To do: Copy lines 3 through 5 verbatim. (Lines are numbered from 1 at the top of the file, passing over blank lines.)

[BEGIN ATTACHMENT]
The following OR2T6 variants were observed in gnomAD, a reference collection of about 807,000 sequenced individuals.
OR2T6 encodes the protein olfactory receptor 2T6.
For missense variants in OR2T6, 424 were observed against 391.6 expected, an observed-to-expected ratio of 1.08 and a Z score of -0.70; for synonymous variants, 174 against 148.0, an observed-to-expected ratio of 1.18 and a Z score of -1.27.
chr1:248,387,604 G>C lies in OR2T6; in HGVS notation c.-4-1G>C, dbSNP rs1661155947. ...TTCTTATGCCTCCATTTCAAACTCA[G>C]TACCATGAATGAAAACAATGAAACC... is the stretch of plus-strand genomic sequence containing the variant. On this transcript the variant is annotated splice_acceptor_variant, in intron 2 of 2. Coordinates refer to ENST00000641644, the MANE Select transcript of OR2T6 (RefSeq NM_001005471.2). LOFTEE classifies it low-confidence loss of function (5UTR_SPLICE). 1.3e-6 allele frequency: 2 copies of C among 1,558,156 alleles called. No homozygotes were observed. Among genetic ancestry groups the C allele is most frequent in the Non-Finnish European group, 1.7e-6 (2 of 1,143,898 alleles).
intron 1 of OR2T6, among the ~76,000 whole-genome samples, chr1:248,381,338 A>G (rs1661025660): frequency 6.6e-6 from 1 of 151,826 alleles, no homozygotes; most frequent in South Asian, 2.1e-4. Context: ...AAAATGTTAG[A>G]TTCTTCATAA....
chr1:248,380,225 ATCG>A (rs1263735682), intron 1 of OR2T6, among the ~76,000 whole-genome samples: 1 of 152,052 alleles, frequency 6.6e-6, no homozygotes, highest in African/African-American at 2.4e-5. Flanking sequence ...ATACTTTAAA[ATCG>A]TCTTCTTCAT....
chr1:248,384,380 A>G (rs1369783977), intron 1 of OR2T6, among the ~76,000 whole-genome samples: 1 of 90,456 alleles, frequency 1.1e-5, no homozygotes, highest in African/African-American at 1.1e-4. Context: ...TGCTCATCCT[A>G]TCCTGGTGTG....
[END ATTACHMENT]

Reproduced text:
For missense variants in OR2T6, 424 were observed against 391.6 expected, an observed-to-expected ratio of 1.08 and a Z score of -0.70; for synonymous variants, 174 against 148.0, an observed-to-expected ratio of 1.18 and a Z score of -1.27.
chr1:248,387,604 G>C lies in OR2T6; in HGVS notation c.-4-1G>C, dbSNP rs1661155947. ...TTCTTATGCCTCCATTTCAAACTCA[G>C]TACCATGAATGAAAACAATGAAACC... is the stretch of plus-strand genomic sequence containing the variant. On this transcript the variant is annotated splice_acceptor_variant, in intron 2 of 2. Coordinates refer to ENST00000641644, the MANE Select transcript of OR2T6 (RefSeq NM_001005471.2). LOFTEE classifies it low-confidence loss of function (5UTR_SPLICE). 1.3e-6 allele frequency: 2 copies of C among 1,558,156 alleles called. No homozygotes were observed. Among genetic ancestry groups the C allele is most frequent in the Non-Finnish European group, 1.7e-6 (2 of 1,143,898 alleles).
intron 1 of OR2T6, among the ~76,000 whole-genome samples, chr1:248,381,338 A>G (rs1661025660): frequency 6.6e-6 from 1 of 151,826 alleles, no homozygotes; most frequent in South Asian, 2.1e-4. Context: ...AAAATGTTAG[A>G]TTCTTCATAA....